Public Act 101-0633 (HB 2455), amends the Unemployment Insurance Act by doing a number of important things. Of particular interest is the temporary suspension of eligibility for unemployment benefits during academic breaks. Normally, academic personnel (e.g., employees of public school districts) are not eligible for unemployment benefits during academic break periods (e.g., spring break, winter break and summer break) if they performed services for the employer immediately prior to the academic break and have a reasonable assurance that they will continue to perform services for the employer after the break. For the period beginning March 15, 2020 through December 31, 2020, the law appears to remove that restriction to eligibility for unemployment benefits for employees of educational institutions or educational service agencies who perform services in capacities other than instructional, research, or principal administration. Of immediate concern, such removal would render employees in these categories (e.g., for employees who are custodians, teacher’s aides, cafeteria workers, bus drivers, clerical workers, etc.) eligible for unemployment benefits over the summer break even if they were not expected to work over the summer break.
To receive these benefits, the employee must otherwise be eligible under the IDES rules. While the IDES has the authority to relax the requirement that the employee be actively seeking work during the period of “unemployment,” they have not done so yet. Thus, an argument can still be made that the employee must be able to meet the actively seeking work requirements to be eligible.
Note that depending on how an employer pays IDES for unemployment benefits (i.e., makes payroll contributions or reimburses) this new law could increase an employer’s cost for unemployment benefits. Please consult your legal counsel if you have questions.
Practical Tips:
  • Carefully review unemployment notices from the IDES and protest unemployment if a valid basis exists. For example, review the time period for which the employee is seeking benefits as all school district staff were paid for “work” through the end of the academic school year pursuant to the March 17, 2020 joint statement by Governor Pritzker, Illinois Education Association, Illinois Federation of Teachers, Illinois Association of School Administrators, Illinois Principals Association, and Illinois State Board of Education and Executive Order 2020-15.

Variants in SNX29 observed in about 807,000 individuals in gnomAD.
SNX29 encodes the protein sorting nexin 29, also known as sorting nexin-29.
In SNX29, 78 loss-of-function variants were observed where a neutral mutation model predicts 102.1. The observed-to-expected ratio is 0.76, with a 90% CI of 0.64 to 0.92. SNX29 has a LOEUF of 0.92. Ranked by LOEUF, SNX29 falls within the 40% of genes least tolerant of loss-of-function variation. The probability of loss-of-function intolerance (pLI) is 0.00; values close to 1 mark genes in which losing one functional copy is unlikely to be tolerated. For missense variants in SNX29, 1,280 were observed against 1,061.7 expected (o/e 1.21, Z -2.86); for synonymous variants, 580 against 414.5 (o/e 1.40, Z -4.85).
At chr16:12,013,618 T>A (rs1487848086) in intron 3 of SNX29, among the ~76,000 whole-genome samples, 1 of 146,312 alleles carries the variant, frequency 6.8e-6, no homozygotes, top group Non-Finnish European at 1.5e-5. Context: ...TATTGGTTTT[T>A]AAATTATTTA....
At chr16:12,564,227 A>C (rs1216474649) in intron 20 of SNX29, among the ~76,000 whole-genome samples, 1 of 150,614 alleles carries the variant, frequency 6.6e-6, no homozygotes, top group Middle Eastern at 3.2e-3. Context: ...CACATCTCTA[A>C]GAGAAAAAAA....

• Also, always remember, a valid protest may exist if an employee actually resigned or refused to work during a period for which he/she is seeking unemployment benefits.
Workers’ Compensation
Public Act 101-0633 (HB 2455) also amends the Workers’ Occupational Diseases Act in light of the COVID-19 pandemic. Specifically, the amendments create a rebuttable presumption in proceedings before the Workers’ Compensation Commission that a front-line worker’s contraction of COVID-19 is causally connected to his or her employment. In other words, front-line workers are presumed to have contracted COVID-19 by virtue of their employment for workers’ compensation purposes. COVID-19 front-line workers include, in relevant part, “any individuals employed by essential businesses and operations as defined in Executive Order 2020-10 dated March 20, 2020.” This necessarily encompasses school district employees who are required to encounter members of the general public and who, generally speaking, work in employment locations of more than 15 employees.
However, an employer may overcome this presumption by submitting certain evidence, including the following: 1) the employee was working from his or her home, or was on leave from employment, or some combination thereof, for a period of 14 or more consecutive days before contraction of the disease; 2) the employer was engaging in and applying to the fullest extent possible industry-specific workplace sanitation, social distancing, and updated Centers for Disease Control and Prevention (“CDC”) or Illinois Department of Public Health (“IDPH”) health and safety practices; or 3) the employee was exposed to COVID-19 by an alternate source.
Practical Tips:
  • Document, document, document. To the extent that your district has employees working remotely, maintain logs to track when employees are actually in your buildings versus working remotely. Document your district’s policies and practices that comport with CDC/IDPH guidelines — for example, a sanitation checklist for each building that provides for a cleaning schedule for high traffic areas or with surfaces with repeated contact (doors handles, keypads, desks, etc.)
  • Provide employees with personal protective equipment in accordance with the updated guidance from the CDC/IDPH. At a minimum, this should include face coverings. Hand sanitizer should be made widely available throughout all buildings.
  • Districts should contact their workers’ compensation carrier/broker to determine if additional recommendations are being made.
The changes to both laws went into effect June 5, 2020.
Please contact any of the attorneys in our Labor/Personnel Department with any questions.